The Kyoto Protocol listed these 6 gases as major Greenhouse gases adding to the effects of Global warming.
- Carbon Dioxide (CO2)
- Nitrous Oxide (N2O)
- Sulphur Dioxide (SO2)
- Hydrofluorocarbons (HFCs)
- Perfluorocarbons (PFCs)
- Sulphur Hexafluoride (SF6)
Various reports by UNFCCC, IPCC, NASA, and NCAR reveal that over the past 20 years, the Earth’s average temperature has risen by around 3°F and if the current trends of CO2 and other Greenhouse gases continue, then the figure would increase to 7°F in the next 50 years.
Paris Agreement (2016)
The Paris Agreement is an agreement within the United Nations Framework Convention on Climate Change (UNFCCC) dealing with greenhouse gas emissions mitigation, adaptation, and finance starting in the year 2020. 195 countries across the world have signed this agreement.
According to the UNFCCC, the Paris Agreement aims at these following agendas.
Holding the increase in the global average temperature to well below 2 °C above pre-industrial levels and to pursue efforts to limit the temperature increase to 1.5 °C above pre-industrial levels, recognizing that this would significantly reduce the risks and impacts of climate change;
Increasing the ability to adapt to the adverse impacts of climate change and foster climate resilience and low greenhouse gas emissions development, in a manner that does not threaten food production;
Making finance flows consistent with a pathway towards low greenhouse gas emissions and climate-resilient development.
A carbon footprint is simply defined as any form of CO2 emitted into the atmosphere from any kind of human activity, whether big or small, whether domestic, industrial or agricultural. These emails may even be individual, community-based, by an organization or nation.
Technically, a carbon footprint is measured in tonnes of carbon dioxide equivalent (tCO2e) by an individual, community or organization. Bigger the carbon footprint, more harmful it is to the environment.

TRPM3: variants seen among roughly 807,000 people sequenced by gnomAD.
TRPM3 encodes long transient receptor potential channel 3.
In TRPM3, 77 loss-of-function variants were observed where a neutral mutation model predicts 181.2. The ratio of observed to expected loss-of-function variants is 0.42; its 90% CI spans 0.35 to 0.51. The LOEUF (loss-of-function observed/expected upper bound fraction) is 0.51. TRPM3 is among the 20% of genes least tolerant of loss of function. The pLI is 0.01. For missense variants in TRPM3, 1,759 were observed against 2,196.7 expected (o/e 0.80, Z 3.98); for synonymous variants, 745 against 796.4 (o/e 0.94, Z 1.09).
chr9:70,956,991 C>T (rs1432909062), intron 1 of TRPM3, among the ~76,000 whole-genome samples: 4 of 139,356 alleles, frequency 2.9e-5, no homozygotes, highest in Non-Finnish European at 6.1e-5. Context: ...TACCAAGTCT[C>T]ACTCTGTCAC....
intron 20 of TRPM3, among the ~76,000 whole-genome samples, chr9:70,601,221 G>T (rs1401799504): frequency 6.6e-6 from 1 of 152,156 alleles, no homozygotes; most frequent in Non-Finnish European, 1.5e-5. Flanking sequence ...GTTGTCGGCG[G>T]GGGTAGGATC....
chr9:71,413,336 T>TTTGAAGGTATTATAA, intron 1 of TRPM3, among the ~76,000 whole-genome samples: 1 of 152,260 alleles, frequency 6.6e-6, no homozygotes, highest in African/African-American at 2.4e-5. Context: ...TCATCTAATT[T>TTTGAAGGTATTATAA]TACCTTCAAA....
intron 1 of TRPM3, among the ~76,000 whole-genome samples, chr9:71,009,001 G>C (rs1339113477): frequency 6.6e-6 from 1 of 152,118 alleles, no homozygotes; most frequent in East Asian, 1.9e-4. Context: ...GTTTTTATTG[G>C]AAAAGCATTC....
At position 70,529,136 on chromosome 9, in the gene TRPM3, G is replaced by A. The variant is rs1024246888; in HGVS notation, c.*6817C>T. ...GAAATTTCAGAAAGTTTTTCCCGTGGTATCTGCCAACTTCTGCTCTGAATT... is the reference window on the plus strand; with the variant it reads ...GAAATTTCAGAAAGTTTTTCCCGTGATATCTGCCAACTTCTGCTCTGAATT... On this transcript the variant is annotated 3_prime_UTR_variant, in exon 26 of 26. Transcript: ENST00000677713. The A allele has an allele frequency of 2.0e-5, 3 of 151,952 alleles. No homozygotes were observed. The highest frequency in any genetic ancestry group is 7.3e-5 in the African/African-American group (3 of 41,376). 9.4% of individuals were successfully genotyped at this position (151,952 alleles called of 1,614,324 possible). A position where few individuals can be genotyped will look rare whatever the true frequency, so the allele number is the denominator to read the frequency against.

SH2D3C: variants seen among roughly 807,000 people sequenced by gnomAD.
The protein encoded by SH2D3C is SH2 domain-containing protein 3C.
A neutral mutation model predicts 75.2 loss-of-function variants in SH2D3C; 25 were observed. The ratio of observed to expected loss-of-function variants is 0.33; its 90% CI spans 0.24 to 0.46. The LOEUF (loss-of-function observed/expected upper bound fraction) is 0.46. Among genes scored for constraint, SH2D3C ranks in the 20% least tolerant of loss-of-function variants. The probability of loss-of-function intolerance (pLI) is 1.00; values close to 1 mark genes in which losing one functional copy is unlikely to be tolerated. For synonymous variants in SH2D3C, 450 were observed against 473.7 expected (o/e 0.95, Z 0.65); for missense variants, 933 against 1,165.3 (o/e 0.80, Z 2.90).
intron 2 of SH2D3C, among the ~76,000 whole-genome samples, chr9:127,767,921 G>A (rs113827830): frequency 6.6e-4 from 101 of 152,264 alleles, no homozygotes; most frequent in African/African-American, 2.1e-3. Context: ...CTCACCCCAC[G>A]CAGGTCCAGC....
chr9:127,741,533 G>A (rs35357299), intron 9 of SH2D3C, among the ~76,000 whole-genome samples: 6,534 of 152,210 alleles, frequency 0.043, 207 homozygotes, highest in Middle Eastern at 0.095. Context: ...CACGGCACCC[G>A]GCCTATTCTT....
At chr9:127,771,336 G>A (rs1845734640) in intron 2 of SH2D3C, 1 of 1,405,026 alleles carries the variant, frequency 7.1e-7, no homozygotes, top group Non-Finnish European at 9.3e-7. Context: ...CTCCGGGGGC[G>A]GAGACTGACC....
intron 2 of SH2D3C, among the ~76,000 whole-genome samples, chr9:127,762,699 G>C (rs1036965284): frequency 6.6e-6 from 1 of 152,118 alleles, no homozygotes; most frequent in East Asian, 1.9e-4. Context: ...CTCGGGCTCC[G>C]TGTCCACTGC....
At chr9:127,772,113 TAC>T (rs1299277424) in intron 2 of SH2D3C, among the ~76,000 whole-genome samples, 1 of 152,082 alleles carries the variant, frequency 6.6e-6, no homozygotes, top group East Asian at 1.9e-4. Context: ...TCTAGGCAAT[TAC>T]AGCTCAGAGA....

Logically, the value of carbon footprint can never be zero, since there will always be some sort of CO2 emission into the environment which cannot be stopped since Carbon is the basis of every living or dead material. For example, even if we reduce using CO2 emitting sources, we will still keep emitting CO2 into the atmosphere through respiration.
A carbon credit is a generic term for any tradable certificate or permits representing the right to emit one tonne of carbon dioxide or the mass of another greenhouse gas with a carbon dioxide equivalent (CO2e) equivalent to one tonne of carbon dioxide. One carbon credit is equal to one tonne of carbon dioxide, or in some markets, carbon dioxide equivalent gases.
The concept of Carbon credits was first introduced during the Kyoto Protocol in 1992, which was an international treaty to mitigate the harmful effects of Global warming.
Advantages of Carbon Credits
The concept of Carbon credits quite evidently helps keep a calculative control on the CO2 and CO2e emissions by organizations and nations.
Any organization that crosses the prescribed Carbon credits limit is liable to be penalized per carbon credit released above the limit.
This forces organizations to cut down on their CO2 emissions and encourages them to use alternatives that release lesser or no CO2 into the atmosphere.
Disadvantages of Carbon Credits
While the concept of carbon credits does have many positive points including keeping a calculative control on CO2 emissions, it does have some negative points as well that can’t be ignored.
The introduction of Carbon Credits also gave rise to the concept of carbon credits trading, which allows organizations to inter-trade carbon credits to stay on par with the credit limits and avoid a penalty if exceeded.
This allows some developed nations like the USA to buy carbon credits from developing countries like India and France so they can increase their carbon credit limit, thereby increasing their limit to emit more CO2.